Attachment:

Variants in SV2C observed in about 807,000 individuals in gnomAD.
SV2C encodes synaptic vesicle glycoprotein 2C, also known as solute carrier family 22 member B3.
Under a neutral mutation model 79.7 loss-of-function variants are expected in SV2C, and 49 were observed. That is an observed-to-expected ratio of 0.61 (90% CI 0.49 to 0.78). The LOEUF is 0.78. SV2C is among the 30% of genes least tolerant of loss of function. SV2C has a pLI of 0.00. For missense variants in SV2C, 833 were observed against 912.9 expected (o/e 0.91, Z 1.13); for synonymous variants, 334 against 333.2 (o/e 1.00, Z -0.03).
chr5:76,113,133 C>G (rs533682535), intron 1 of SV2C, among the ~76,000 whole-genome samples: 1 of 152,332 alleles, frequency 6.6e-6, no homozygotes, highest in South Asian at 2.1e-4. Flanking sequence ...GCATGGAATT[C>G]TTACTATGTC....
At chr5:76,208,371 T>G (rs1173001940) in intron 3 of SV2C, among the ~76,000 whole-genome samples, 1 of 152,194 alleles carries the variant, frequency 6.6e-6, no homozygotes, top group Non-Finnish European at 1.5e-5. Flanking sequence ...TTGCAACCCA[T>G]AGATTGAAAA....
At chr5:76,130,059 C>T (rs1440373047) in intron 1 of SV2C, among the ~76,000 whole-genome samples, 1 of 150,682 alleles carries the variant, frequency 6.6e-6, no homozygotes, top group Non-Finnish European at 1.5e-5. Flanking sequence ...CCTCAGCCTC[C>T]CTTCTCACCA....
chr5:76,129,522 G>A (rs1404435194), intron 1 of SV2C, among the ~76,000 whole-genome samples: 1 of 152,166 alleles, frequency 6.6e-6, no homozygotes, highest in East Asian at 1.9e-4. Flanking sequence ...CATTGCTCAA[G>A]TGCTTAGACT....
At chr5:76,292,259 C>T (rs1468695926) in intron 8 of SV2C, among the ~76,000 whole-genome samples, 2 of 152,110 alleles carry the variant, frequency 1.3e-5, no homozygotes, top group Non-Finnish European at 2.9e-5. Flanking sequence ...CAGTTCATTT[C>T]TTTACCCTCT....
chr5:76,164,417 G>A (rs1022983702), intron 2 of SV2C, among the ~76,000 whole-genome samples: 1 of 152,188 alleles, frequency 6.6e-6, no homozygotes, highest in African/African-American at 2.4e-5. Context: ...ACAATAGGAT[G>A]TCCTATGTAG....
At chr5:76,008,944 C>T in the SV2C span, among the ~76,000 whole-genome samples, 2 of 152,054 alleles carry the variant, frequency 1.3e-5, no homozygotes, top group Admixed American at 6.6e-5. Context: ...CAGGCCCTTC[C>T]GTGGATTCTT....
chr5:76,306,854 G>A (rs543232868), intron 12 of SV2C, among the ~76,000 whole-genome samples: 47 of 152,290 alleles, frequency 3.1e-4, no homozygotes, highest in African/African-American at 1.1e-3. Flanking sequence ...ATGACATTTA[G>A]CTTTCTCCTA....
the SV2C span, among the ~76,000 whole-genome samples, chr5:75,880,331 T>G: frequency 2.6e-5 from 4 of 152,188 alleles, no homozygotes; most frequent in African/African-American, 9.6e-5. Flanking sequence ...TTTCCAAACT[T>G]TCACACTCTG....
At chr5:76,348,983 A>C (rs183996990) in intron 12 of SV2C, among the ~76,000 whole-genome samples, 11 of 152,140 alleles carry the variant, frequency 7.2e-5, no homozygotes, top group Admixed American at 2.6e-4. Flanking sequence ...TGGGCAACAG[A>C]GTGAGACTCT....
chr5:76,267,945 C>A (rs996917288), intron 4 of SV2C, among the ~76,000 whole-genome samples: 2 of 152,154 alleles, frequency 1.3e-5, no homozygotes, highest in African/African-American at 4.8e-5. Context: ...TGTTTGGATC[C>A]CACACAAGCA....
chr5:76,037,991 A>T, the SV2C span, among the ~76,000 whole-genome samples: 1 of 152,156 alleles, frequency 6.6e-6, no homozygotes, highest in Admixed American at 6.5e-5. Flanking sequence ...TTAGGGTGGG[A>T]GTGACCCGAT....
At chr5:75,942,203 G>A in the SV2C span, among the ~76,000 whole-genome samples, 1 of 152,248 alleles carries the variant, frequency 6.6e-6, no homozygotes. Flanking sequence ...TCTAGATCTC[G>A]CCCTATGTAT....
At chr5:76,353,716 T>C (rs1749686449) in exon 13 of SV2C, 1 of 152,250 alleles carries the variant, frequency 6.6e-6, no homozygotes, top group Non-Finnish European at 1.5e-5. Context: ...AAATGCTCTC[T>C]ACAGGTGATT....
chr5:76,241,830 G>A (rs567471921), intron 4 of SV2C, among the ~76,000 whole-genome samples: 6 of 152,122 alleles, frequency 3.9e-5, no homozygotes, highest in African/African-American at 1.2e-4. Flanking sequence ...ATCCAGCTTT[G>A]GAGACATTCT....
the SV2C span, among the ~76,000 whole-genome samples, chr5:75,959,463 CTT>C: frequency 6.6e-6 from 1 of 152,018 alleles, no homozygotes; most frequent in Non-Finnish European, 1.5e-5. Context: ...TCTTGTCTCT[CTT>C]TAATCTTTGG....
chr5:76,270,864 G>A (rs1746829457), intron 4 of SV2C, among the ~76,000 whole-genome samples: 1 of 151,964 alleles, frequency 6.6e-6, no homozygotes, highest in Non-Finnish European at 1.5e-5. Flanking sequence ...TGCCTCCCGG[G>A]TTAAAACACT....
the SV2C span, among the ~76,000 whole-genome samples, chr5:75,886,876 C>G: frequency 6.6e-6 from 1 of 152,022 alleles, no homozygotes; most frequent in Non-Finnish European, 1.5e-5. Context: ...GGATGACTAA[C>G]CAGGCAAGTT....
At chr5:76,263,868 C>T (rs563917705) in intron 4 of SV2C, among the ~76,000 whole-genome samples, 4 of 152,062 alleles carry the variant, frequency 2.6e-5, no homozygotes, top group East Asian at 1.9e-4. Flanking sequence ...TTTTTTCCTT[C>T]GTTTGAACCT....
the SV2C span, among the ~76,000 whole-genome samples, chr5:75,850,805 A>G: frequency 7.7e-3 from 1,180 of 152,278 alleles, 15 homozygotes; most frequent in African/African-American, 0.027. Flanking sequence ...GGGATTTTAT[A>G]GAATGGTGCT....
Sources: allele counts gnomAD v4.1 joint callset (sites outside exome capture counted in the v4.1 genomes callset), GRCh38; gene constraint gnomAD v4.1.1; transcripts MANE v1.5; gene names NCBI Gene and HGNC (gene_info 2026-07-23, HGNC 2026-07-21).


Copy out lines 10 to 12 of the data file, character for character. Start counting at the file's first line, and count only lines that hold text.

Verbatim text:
At chr5:76,008,944 C>T in the SV2C span, among the ~76,000 whole-genome samples, 2 of 152,054 alleles carry the variant, frequency 1.3e-5, no homozygotes, top group Admixed American at 6.6e-5. Context: ...CAGGCCCTTC[C>T]GTGGATTCTT....
chr5:76,306,854 G>A (rs543232868), intron 12 of SV2C, among the ~76,000 whole-genome samples: 47 of 152,290 alleles, frequency 3.1e-4, no homozygotes, highest in African/African-American at 1.1e-3. Flanking sequence ...ATGACATTTA[G>A]CTTTCTCCTA....
the SV2C span, among the ~76,000 whole-genome samples, chr5:75,880,331 T>G: frequency 2.6e-5 from 4 of 152,188 alleles, no homozygotes; most frequent in African/African-American, 9.6e-5. Flanking sequence ...TTTCCAAACT[T>G]TCACACTCTG....